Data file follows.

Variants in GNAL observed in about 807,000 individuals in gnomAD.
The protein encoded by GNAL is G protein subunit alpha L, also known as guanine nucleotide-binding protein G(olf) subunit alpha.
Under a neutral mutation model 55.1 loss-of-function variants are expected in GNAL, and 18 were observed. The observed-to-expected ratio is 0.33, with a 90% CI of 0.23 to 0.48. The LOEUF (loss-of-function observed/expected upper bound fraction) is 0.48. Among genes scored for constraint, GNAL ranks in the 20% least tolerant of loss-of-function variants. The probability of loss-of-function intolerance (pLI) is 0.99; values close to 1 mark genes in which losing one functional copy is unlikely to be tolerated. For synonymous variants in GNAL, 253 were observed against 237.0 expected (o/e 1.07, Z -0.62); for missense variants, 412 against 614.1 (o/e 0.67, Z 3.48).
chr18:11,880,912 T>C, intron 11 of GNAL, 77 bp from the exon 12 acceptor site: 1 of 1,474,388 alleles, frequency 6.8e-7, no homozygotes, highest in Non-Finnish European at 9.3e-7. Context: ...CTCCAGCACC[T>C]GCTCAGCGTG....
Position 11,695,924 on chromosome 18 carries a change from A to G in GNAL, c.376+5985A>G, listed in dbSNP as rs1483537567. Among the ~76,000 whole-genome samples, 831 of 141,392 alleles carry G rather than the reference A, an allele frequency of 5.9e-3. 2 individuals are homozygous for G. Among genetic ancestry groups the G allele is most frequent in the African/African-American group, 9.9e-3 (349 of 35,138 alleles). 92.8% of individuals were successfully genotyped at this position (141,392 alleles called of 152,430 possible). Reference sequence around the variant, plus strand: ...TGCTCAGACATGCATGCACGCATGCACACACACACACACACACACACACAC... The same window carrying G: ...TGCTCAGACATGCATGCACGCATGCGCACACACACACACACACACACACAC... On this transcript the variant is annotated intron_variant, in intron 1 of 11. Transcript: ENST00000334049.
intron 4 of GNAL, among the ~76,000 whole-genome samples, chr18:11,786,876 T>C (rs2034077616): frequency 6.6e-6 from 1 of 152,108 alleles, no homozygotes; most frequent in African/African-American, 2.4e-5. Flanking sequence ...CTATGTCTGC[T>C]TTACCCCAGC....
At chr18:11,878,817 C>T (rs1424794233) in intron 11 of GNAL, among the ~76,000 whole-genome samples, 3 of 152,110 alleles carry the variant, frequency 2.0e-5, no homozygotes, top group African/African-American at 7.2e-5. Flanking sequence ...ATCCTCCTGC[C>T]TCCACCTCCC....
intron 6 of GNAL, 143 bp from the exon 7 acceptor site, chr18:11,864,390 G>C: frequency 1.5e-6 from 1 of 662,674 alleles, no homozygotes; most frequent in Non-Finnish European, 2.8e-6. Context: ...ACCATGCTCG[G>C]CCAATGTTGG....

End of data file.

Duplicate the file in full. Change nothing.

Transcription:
Variants in GNAL observed in about 807,000 individuals in gnomAD.
The protein encoded by GNAL is G protein subunit alpha L, also known as guanine nucleotide-binding protein G(olf) subunit alpha.
Under a neutral mutation model 55.1 loss-of-function variants are expected in GNAL, and 18 were observed. The observed-to-expected ratio is 0.33, with a 90% CI of 0.23 to 0.48. The LOEUF (loss-of-function observed/expected upper bound fraction) is 0.48. Among genes scored for constraint, GNAL ranks in the 20% least tolerant of loss-of-function variants. The probability of loss-of-function intolerance (pLI) is 0.99; values close to 1 mark genes in which losing one functional copy is unlikely to be tolerated. For synonymous variants in GNAL, 253 were observed against 237.0 expected (o/e 1.07, Z -0.62); for missense variants, 412 against 614.1 (o/e 0.67, Z 3.48).
chr18:11,880,912 T>C, intron 11 of GNAL, 77 bp from the exon 12 acceptor site: 1 of 1,474,388 alleles, frequency 6.8e-7, no homozygotes, highest in Non-Finnish European at 9.3e-7. Context: ...CTCCAGCACC[T>C]GCTCAGCGTG....
Position 11,695,924 on chromosome 18 carries a change from A to G in GNAL, c.376+5985A>G, listed in dbSNP as rs1483537567. Among the ~76,000 whole-genome samples, 831 of 141,392 alleles carry G rather than the reference A, an allele frequency of 5.9e-3. 2 individuals are homozygous for G. Among genetic ancestry groups the G allele is most frequent in the African/African-American group, 9.9e-3 (349 of 35,138 alleles). 92.8% of individuals were successfully genotyped at this position (141,392 alleles called of 152,430 possible). Reference sequence around the variant, plus strand: ...TGCTCAGACATGCATGCACGCATGCACACACACACACACACACACACACAC... The same window carrying G: ...TGCTCAGACATGCATGCACGCATGCGCACACACACACACACACACACACAC... On this transcript the variant is annotated intron_variant, in intron 1 of 11. Transcript: ENST00000334049.
intron 4 of GNAL, among the ~76,000 whole-genome samples, chr18:11,786,876 T>C (rs2034077616): frequency 6.6e-6 from 1 of 152,108 alleles, no homozygotes; most frequent in African/African-American, 2.4e-5. Flanking sequence ...CTATGTCTGC[T>C]TTACCCCAGC....
At chr18:11,878,817 C>T (rs1424794233) in intron 11 of GNAL, among the ~76,000 whole-genome samples, 3 of 152,110 alleles carry the variant, frequency 2.0e-5, no homozygotes, top group African/African-American at 7.2e-5. Flanking sequence ...ATCCTCCTGC[C>T]TCCACCTCCC....
intron 6 of GNAL, 143 bp from the exon 7 acceptor site, chr18:11,864,390 G>C: frequency 1.5e-6 from 1 of 662,674 alleles, no homozygotes; most frequent in Non-Finnish European, 2.8e-6. Context: ...ACCATGCTCG[G>C]CCAATGTTGG....